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News Story —  19 May 2014

FamilySearch Unveils New
Photo-Scanning System

Salt Lake City — 

“I want to tell the stories of my mother’s family,” explained Jackie Zhang, a native of China currently living in Salt Lake City, Utah. “I was able to scan in two photos, one of my mother and another of my grandparents, but I have a lot of information missing. Much of my family history was lost in the Cultural Revolution, but my uncle has additional records that will help. I have been able to contact him, but I don’t have the further information at this time.”

Zhang utilized the services of the Family History Library of The Church of Jesus Christ of Latter-day Saints to review her family lines and to begin her family organization online. With her FamilySearch.org Family Tree organized, she was able to post identifying photos to her family group.

Though the Chinese cultural tradition illustrates a family history with Chinese characters, ink and a brush, Zhang is eager to preserve and update her family records with a new service now offered in more than 2,800 of the Church’s North American family history centers and coming soon to international centers.

Now it takes only minutes for valuable family photographs or documents such as Zhang’s to be scanned, transmitted and published. The recently installed customized Lexmark multifunction products (MFPs) quickly scan photos or significant documents and transfer them online to your personal genealogical space. The scanning system produces high-quality digital images in both .jpg and .png file formats and will accommodate up to 5 MB in size. Items may also be scanned and saved to a thumb drive, all free of charge.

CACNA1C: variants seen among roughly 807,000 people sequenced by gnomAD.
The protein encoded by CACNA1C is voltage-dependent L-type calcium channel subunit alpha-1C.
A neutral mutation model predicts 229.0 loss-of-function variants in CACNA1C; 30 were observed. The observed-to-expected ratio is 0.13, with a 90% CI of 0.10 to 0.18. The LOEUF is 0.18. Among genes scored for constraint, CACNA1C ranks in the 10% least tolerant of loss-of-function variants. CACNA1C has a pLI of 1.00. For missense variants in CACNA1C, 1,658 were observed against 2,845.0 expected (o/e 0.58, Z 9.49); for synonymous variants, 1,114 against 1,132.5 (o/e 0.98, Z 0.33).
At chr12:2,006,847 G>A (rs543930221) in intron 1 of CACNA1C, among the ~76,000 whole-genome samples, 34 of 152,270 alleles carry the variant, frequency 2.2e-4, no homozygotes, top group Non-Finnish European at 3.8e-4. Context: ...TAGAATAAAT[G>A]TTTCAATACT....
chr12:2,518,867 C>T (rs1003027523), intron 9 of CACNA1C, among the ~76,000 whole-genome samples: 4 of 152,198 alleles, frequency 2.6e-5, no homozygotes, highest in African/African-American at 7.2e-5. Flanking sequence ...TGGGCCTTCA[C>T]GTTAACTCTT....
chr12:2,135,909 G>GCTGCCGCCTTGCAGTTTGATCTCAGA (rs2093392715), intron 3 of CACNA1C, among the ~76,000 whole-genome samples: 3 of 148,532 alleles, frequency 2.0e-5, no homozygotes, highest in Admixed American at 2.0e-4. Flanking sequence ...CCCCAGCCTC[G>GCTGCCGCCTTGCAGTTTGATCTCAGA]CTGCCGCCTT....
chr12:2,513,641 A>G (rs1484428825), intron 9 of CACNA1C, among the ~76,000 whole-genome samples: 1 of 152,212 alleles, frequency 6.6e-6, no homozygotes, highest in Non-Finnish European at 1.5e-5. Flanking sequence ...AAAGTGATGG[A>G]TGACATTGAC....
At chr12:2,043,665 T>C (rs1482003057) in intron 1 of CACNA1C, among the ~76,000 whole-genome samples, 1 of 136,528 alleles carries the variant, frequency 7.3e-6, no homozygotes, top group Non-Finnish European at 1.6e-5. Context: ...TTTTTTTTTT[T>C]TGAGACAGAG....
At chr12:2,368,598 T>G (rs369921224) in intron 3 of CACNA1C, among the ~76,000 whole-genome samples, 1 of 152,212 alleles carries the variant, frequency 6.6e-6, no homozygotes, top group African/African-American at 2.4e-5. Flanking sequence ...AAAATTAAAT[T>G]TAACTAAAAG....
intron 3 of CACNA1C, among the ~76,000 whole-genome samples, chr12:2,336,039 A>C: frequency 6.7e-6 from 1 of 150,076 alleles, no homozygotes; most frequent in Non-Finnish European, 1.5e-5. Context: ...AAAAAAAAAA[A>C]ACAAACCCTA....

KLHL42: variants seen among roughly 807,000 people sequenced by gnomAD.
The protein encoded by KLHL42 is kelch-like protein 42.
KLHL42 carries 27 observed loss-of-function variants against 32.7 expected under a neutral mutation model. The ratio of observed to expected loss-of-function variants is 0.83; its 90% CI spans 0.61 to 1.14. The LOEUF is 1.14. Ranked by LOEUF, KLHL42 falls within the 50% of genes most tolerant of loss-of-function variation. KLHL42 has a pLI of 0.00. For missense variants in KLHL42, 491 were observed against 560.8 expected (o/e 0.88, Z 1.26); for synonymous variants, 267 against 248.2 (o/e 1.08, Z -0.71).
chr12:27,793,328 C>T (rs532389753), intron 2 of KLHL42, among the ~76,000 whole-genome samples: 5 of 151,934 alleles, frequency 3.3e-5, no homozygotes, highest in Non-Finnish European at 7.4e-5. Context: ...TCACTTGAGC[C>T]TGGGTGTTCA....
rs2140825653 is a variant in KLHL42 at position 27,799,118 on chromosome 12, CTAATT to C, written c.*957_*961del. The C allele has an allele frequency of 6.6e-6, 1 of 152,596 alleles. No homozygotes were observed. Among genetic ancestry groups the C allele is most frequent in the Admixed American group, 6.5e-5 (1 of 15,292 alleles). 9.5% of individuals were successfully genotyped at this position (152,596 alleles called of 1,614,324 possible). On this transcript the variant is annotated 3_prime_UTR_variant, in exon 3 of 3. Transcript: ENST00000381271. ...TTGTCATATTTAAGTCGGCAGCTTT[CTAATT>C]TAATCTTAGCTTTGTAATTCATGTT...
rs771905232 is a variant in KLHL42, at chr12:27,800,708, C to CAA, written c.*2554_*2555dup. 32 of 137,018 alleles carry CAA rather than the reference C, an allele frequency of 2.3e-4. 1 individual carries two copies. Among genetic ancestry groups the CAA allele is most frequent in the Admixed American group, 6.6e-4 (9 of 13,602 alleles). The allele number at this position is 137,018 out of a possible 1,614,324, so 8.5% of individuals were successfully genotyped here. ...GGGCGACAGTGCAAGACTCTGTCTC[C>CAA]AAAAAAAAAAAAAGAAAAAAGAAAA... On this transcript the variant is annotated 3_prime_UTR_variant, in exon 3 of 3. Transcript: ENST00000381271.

“We all have them, the kitchen or dresser drawers, plastic bags, scrapbooks or file boxes — all full of family photos, vital records and other precious correspondence from our ancestors,” said Penney Devey, FamilySearch director of worldwide patron and partner services. “These family artifacts are constant reminders of our heartfelt good intentions to someday preserve, organize, share or tell their hidden stories for posterity.”

For Joan Peterson, also of Salt Lake City, the intentions have turned to action. “I have access to photos and journals of my ancestors, documents that I’m planning to turn in to the Church History Library. Before I donate the hard copies to the Church, I wanted to make certain the information was recorded for my own family.”

Peterson has spent the last three months organizing her valuable family memorabilia, scanning photos to her FamilySearch Family Tree and posting life sketches and other personal memories.

In addition to having the records in digital files, Peterson discovered long-lost cousins who read the posted profiles online. “Several people I didn’t know have contacted me. One of my husband’s cousins has information about his lines we didn’t have. I think whatever family history work you do, all roads lead to Bethlehem — that is, all efforts help us piece our lives together.”

The scanning process is simple and straightforward. Just the touch of a button on the scanner, a login to an established FamilySearch.org account, and the important photos or papers are scanned and transferred as high-quality digital images. The items are cropped and deposited in a folder in your FamilySearch account. You can then at your leisure label them, identify people in the photos and connect them to respective ancestors in your FamilySearch Family Tree. From there, you can post links and share the information with other family members and encourage them to share as well.

And like Peterson discovered, little-known relatives may emerge from the digital world with helpful or new information and with the opportunity to build broader family relationships.

FamilySearch is a world leader in historic record preservation and access, connecting growing generations of families through family history products and services. It is the largest genealogical organization in the world, a nonprofit volunteer-driven group sponsored by The Church of Jesus Christ of Latter-day Saints. Millions of people worldwide use FamilySearch records, resources and services to learn more about family history.

To help in this pursuit, FamilySearch and its predecessors have been actively gathering, preserving and sharing genealogical records for over 100 years. Patrons may access resources free online at FamilySearch.org or through over 4,600 family history centers in 132 countries, including the main Family History Library in Salt Lake City, Utah.

 

 

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